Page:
Building MS-DOS From Scratch Like It’s 1983

Building a complete operating system by compiling its source code is not something for the faint-hearted; a modern Linux or BSD distribution contains thousands of packages with millions of lines of code, all of which need to be processed in the right order and the result stored in the proper place. For all but the most hardcore Gentoo devotees, it’s way easier to get pre-compiled binaries, but obviously someone must have run the entire compilation process at some point.

What’s true for modern OSes also holds for ancient software such as MS-DOS. When Microsoft released the source code for several DOS versions a couple of years ago, many people pored over the code to look for weird comments and undocumented features, but few actually tried to compile the whole package. But [Michal Necasek] over at the OS/2 Museum didn’t shy away from that challenge, and documented the entirely-not-straightforward process of compiling DOS 2.11 from source.

The first problem was figuring out which version had been made available: although the Computer History Museum labelled the package simply as “MS-DOS 2.0”, it actually contained a mix of OEM binaries from version 2.0, source code from version 2.11 and some other stuff left from the development process. The OEM binaries are mostly finished executables, but also contain basic source code for some system components, allowing computer manufacturers to tailor those components to their specific hardware platform.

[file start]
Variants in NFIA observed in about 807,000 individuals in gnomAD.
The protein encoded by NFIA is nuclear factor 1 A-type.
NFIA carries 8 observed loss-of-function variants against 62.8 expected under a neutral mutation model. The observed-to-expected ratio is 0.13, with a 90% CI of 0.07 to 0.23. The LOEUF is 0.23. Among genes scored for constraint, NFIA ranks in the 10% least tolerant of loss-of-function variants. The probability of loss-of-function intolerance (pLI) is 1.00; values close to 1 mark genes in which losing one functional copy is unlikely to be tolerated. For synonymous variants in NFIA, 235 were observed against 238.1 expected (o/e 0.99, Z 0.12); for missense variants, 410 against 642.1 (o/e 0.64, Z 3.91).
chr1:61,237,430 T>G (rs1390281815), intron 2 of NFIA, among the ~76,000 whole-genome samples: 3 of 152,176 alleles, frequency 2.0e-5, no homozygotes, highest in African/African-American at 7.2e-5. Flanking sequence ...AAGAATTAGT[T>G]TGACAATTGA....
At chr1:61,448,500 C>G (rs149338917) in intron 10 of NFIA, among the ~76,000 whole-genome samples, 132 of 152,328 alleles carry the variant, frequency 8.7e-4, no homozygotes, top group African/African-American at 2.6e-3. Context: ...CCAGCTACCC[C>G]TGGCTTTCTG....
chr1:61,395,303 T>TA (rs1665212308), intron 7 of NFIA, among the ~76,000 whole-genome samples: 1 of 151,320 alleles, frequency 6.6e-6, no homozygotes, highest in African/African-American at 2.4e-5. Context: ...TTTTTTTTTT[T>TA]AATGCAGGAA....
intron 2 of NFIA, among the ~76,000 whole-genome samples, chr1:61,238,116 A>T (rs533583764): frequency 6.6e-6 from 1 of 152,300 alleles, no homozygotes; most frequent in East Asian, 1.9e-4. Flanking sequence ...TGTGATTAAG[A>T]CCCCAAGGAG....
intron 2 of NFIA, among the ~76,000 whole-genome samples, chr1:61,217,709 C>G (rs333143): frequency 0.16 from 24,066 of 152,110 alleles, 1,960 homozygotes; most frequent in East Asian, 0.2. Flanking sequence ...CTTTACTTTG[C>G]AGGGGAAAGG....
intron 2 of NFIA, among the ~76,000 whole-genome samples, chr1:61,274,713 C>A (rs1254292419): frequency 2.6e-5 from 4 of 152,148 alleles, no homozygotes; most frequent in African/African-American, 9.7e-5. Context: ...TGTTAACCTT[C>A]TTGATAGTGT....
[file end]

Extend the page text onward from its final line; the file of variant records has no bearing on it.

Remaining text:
Compiling the source code was not trivial either. [Michal] was determined to use period-correct tools and examined the behaviour of about a dozen versions of MASM, the assembler likely to have been used by Microsoft in the early 1980s. As it turned out, version 1.25 from 1983 produced code that most closely matched the object code found in existing binaries, and even then some pieces of source code required slight modifications to build correctly. [Michal]’s blog post also goes into extensive detail on the subtle differences between Microsoft-style and IBM-style DOS, which go deeper than just the names of system files (MSDOS.SYS versus IBMDOS.COM).

The end result of this exercise is a modified DOS 2.11 source package that actually compiles to a working set of binaries, unlike the original. And although this does not generate any new code, since binaries of DOS 2.11 have long been available, it does provide a fascinating look into software development practices in an age when even the basic components of the PC platform were not fully standardized. And don’t forget that even today some people still like to develop new DOS software.

52 thoughts on “Building MS-DOS From Scratch Like It’s 1983

    1. Yeah and Windows NT smells a lot like VMS when you peel back the covers. Microsoft has always suffered from a lack of innovation, they copied relentlessly from Digital and poached many of their best engineers because Gates and Allen had no talent for system design.